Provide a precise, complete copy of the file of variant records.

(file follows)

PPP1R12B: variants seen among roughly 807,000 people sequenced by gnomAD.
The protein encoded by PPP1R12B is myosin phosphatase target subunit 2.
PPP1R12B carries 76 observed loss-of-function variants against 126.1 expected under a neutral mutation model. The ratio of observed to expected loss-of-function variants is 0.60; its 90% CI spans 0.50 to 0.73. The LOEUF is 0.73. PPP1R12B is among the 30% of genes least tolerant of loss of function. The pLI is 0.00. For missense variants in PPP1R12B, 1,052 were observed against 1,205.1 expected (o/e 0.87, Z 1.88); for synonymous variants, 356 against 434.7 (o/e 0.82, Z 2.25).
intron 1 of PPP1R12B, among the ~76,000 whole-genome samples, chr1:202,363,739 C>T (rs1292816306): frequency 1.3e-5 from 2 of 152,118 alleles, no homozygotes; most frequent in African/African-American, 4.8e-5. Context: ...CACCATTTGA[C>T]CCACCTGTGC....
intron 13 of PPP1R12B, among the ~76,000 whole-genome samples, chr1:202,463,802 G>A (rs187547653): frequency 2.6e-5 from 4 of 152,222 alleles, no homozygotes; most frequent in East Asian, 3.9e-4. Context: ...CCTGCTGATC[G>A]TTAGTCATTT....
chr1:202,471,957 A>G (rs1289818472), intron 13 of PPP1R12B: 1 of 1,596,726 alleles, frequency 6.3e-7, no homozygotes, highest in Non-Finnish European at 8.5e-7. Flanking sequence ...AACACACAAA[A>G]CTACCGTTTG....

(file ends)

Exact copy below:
PPP1R12B: variants seen among roughly 807,000 people sequenced by gnomAD.
The protein encoded by PPP1R12B is myosin phosphatase target subunit 2.
PPP1R12B carries 76 observed loss-of-function variants against 126.1 expected under a neutral mutation model. The ratio of observed to expected loss-of-function variants is 0.60; its 90% CI spans 0.50 to 0.73. The LOEUF is 0.73. PPP1R12B is among the 30% of genes least tolerant of loss of function. The pLI is 0.00. For missense variants in PPP1R12B, 1,052 were observed against 1,205.1 expected (o/e 0.87, Z 1.88); for synonymous variants, 356 against 434.7 (o/e 0.82, Z 2.25).
intron 1 of PPP1R12B, among the ~76,000 whole-genome samples, chr1:202,363,739 C>T (rs1292816306): frequency 1.3e-5 from 2 of 152,118 alleles, no homozygotes; most frequent in African/African-American, 4.8e-5. Context: ...CACCATTTGA[C>T]CCACCTGTGC....
intron 13 of PPP1R12B, among the ~76,000 whole-genome samples, chr1:202,463,802 G>A (rs187547653): frequency 2.6e-5 from 4 of 152,222 alleles, no homozygotes; most frequent in East Asian, 3.9e-4. Context: ...CCTGCTGATC[G>A]TTAGTCATTT....
chr1:202,471,957 A>G (rs1289818472), intron 13 of PPP1R12B: 1 of 1,596,726 alleles, frequency 6.3e-7, no homozygotes, highest in Non-Finnish European at 8.5e-7. Flanking sequence ...AACACACAAA[A>G]CTACCGTTTG....